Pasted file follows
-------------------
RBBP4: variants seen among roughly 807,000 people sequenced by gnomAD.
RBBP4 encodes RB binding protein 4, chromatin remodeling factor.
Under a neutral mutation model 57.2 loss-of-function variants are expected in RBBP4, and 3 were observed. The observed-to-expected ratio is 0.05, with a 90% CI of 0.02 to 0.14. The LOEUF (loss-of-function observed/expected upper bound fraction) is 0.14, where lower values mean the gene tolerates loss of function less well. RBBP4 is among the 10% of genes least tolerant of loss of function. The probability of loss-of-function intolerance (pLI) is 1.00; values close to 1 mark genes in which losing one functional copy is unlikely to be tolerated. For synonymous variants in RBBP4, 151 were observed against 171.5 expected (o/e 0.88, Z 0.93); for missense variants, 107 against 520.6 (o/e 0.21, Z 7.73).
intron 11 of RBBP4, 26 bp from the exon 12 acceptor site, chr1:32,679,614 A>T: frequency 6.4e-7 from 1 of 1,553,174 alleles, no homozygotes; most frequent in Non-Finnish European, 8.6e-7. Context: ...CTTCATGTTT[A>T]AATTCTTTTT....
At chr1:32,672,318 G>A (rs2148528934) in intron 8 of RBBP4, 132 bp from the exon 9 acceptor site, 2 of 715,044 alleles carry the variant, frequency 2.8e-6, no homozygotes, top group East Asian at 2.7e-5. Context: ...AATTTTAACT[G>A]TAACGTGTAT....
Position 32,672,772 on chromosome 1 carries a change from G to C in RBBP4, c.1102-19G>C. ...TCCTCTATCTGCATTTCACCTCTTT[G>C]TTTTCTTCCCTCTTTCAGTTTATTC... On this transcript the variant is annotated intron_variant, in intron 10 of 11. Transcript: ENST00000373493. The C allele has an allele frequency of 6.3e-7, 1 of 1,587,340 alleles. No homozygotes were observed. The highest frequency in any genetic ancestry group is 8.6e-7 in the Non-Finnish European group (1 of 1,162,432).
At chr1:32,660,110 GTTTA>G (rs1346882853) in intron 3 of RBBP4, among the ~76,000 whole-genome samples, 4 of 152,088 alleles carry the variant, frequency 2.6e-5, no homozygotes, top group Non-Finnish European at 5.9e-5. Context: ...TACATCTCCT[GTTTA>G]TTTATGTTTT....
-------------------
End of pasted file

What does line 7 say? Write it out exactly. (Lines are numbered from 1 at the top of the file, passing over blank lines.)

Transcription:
At chr1:32,660,110 GTTTA>G (rs1346882853) in intron 3 of RBBP4, among the ~76,000 whole-genome samples, 4 of 152,088 alleles carry the variant, frequency 2.6e-5, no homozygotes, top group Non-Finnish European at 5.9e-5. Context: ...TACATCTCCT[GTTTA>G]TTTATGTTTT....